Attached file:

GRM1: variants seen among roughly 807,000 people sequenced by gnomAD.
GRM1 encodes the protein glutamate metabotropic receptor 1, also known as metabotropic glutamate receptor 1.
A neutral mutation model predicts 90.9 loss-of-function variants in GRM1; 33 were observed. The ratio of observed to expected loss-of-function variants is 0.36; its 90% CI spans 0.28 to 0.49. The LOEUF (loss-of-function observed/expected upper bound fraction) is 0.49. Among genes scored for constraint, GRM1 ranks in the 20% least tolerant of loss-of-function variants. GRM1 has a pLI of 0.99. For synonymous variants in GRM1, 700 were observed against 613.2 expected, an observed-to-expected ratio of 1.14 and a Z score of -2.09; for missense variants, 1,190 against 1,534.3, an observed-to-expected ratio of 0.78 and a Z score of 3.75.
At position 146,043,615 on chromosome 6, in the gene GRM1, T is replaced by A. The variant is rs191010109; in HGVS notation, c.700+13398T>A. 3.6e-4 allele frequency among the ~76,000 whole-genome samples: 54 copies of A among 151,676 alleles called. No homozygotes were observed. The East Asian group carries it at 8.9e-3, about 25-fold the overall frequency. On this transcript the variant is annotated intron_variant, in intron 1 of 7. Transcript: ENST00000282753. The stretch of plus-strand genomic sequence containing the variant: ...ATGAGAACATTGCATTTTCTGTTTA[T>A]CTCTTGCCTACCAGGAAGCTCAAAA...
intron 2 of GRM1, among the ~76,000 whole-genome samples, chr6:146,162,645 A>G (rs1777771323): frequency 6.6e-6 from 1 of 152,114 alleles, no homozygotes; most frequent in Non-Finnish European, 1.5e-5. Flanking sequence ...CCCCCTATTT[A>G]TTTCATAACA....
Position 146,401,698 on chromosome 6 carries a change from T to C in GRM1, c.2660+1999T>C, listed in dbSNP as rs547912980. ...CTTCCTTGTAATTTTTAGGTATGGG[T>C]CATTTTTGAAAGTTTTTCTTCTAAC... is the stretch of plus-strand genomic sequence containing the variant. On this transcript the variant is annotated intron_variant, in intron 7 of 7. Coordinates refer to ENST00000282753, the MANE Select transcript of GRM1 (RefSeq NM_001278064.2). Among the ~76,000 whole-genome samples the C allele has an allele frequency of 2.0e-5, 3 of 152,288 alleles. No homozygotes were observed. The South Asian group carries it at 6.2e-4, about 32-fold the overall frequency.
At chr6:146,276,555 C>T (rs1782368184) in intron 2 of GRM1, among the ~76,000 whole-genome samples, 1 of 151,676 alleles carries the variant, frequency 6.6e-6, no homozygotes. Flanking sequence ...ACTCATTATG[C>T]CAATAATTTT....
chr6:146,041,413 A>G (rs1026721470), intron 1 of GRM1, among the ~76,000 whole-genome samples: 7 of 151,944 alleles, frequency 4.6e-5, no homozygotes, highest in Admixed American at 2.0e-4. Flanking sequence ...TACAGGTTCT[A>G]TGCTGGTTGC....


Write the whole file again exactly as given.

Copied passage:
GRM1: variants seen among roughly 807,000 people sequenced by gnomAD.
GRM1 encodes the protein glutamate metabotropic receptor 1, also known as metabotropic glutamate receptor 1.
A neutral mutation model predicts 90.9 loss-of-function variants in GRM1; 33 were observed. The ratio of observed to expected loss-of-function variants is 0.36; its 90% CI spans 0.28 to 0.49. The LOEUF (loss-of-function observed/expected upper bound fraction) is 0.49. Among genes scored for constraint, GRM1 ranks in the 20% least tolerant of loss-of-function variants. GRM1 has a pLI of 0.99. For synonymous variants in GRM1, 700 were observed against 613.2 expected, an observed-to-expected ratio of 1.14 and a Z score of -2.09; for missense variants, 1,190 against 1,534.3, an observed-to-expected ratio of 0.78 and a Z score of 3.75.
At position 146,043,615 on chromosome 6, in the gene GRM1, T is replaced by A. The variant is rs191010109; in HGVS notation, c.700+13398T>A. 3.6e-4 allele frequency among the ~76,000 whole-genome samples: 54 copies of A among 151,676 alleles called. No homozygotes were observed. The East Asian group carries it at 8.9e-3, about 25-fold the overall frequency. On this transcript the variant is annotated intron_variant, in intron 1 of 7. Transcript: ENST00000282753. The stretch of plus-strand genomic sequence containing the variant: ...ATGAGAACATTGCATTTTCTGTTTA[T>A]CTCTTGCCTACCAGGAAGCTCAAAA...
intron 2 of GRM1, among the ~76,000 whole-genome samples, chr6:146,162,645 A>G (rs1777771323): frequency 6.6e-6 from 1 of 152,114 alleles, no homozygotes; most frequent in Non-Finnish European, 1.5e-5. Flanking sequence ...CCCCCTATTT[A>G]TTTCATAACA....
Position 146,401,698 on chromosome 6 carries a change from T to C in GRM1, c.2660+1999T>C, listed in dbSNP as rs547912980. ...CTTCCTTGTAATTTTTAGGTATGGG[T>C]CATTTTTGAAAGTTTTTCTTCTAAC... is the stretch of plus-strand genomic sequence containing the variant. On this transcript the variant is annotated intron_variant, in intron 7 of 7. Coordinates refer to ENST00000282753, the MANE Select transcript of GRM1 (RefSeq NM_001278064.2). Among the ~76,000 whole-genome samples the C allele has an allele frequency of 2.0e-5, 3 of 152,288 alleles. No homozygotes were observed. The South Asian group carries it at 6.2e-4, about 32-fold the overall frequency.
At chr6:146,276,555 C>T (rs1782368184) in intron 2 of GRM1, among the ~76,000 whole-genome samples, 1 of 151,676 alleles carries the variant, frequency 6.6e-6, no homozygotes. Flanking sequence ...ACTCATTATG[C>T]CAATAATTTT....
chr6:146,041,413 A>G (rs1026721470), intron 1 of GRM1, among the ~76,000 whole-genome samples: 7 of 151,944 alleles, frequency 4.6e-5, no homozygotes, highest in Admixed American at 2.0e-4. Flanking sequence ...TACAGGTTCT[A>G]TGCTGGTTGC....